"When you look at it from a technology standpoint, technology is always a threat to certain businesses—especially in the minds of the people," begins Harrison Parrish, co-founder and chairman of Movie Gallery. "But think about this historically: When television came along, not only did it threaten radio, it threatened the theater business because nobody thought that people would want to go to a theater when they could sit home and watch television. In reality what’s happened is all of those markets have just expanded—the elasticity has gotten bigger and bigger."
Parrish also makes an analogy to sports and ball games. "With the televising of sports events, the thinking was that no one would want to go to a ball game when they could watch it on TV. Well, go watch Michigan play Michigan State and there will be 100,000 people there—why?—because they want the experience. And that’s our video stores. The convenience of the Internet or of other technologies cuts the experience out of it. And consumers still want the experience of going with the family and getting a movie and a game and some candy. And we don’t expect that to change one bit."
The Malugen/Parrish Two-Step
The men behind Movie Gallery—Joe Malugen and Harrison Parrish—have a real talent for running a business as a duo. While both are highly praised for having "an open door policy," and knowing how to work hard/play hard, they each bring distinct characteristics to the business table that complement one another in perfect step.
As Malugen himself describes it, "Harrison is a great merchandiser, motivator and salesman. He’s very entrepreneurial—always thinking about how to make money and coming up with some new avenue to add to our existing business." As proof of that, all one has to do is look at the concessions or candy department.
Four years ago, Parrish took that section under his control and leadership, developed plan-o-grams, EDI capabilities, and overall expanded it. As a result, the department has seen sales increases of 30 to 35 percent, according to Gary Hay, senior vice president of concessions.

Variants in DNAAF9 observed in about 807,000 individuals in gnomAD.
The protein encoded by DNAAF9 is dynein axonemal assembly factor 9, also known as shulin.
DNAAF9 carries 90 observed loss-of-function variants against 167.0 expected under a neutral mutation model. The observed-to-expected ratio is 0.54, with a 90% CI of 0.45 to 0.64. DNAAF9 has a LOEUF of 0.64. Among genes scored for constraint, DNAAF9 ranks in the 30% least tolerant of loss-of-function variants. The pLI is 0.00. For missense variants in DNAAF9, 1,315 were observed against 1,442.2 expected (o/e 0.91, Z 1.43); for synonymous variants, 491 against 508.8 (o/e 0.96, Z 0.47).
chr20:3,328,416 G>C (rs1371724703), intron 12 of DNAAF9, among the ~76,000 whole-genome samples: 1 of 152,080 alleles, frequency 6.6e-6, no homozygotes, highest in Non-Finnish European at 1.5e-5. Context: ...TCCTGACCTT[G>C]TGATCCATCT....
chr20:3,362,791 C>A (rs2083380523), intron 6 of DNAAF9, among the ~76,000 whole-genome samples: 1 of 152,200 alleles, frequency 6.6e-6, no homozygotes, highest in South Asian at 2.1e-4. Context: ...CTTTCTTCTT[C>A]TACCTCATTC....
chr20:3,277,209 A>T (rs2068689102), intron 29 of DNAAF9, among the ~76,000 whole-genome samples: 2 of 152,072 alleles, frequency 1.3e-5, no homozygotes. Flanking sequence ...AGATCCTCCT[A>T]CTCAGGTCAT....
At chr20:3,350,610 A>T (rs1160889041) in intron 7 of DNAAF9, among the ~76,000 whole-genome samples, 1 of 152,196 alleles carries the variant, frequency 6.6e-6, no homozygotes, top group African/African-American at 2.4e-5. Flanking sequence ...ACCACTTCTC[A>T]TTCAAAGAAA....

Meanwhile, "I’m more of an administrator," Malugen adds. Utilizing his law degree and applying it to the business world, he says he is "more into detail and structure and organization."
Hay offers a funny story to depict the detail side of Malugen. "One day Joe and I were having a lunch meeting with the ConAgra representative and he pops this question to the guy about how much water content was in their popcorn kernels. The ConAgra rep said he had never been asked that before, and Joe proceeds to explain how that is the most important question because the more moisture that’s in a kernel, the better it will pop. And that’s Joe—always thinking about the details, always asking the simple questions that show he’s complex."
Concessions of Success
Video rentals may be the "bread and butter" of Movie Gallery’s business, but candy or concessions are the perfect accoutrement, according to Gary Hay, senior vice president of concessions and novelties.
For the past three to four years, candy has been an upgraded category, and therefore a larger contributor to the company’s growing success. Fashioning "a candy store within a video store," Movie Gallery is very open to experimentation with its 80-or-so SKUs of confections, and that experimentation works particularly well in its rural markets.
"In a rural market, the video store is the place in town where people want to go—sometimes it’s the only place in town," Hay explains. "They rent a movie and buy candy that usually can’t be found anywhere else around—it’s a total experience. The good thing about the candy is that it really makes it fun—and that’s what the movie business is all about, enjoyment and fun."
Hay and his team keep Movie Gallery’s candy presentations sharp by remaining flexible to the industry and maintaining a sense of savvy for their country-market customers. Every month, for example, the chain brings in two or three new candy items, and also features a "candy of the month," that vendors pay a promotional allowance for.
And so beyond department plan-o-grams, "we have in and outs that we keep on the floor for six to eight weeks," Hay maintains. "Towards the end, we half-price the candy and then destroy the display. There’s always something coming in, going out, something new, something fresh."
One thing not going out is Movie Gallery’s seven-ounce bag of cotton candy manufactured by Rainbow that sells for $1.99. A concession mainstay, the company recently converted the Rainbow name it to its own private label Movie Gallery name. "It’s our number-one seller," says Hay.
Honoring the company’s 20th anniversary, Hay has developed a program with NASCAR to sell limited-edition collectible coins to its customers. So far, one version with Coke has been produced, but Hay plans to eventually make 10 designs available—with candy manufacturers such as Hershey expected to be involved.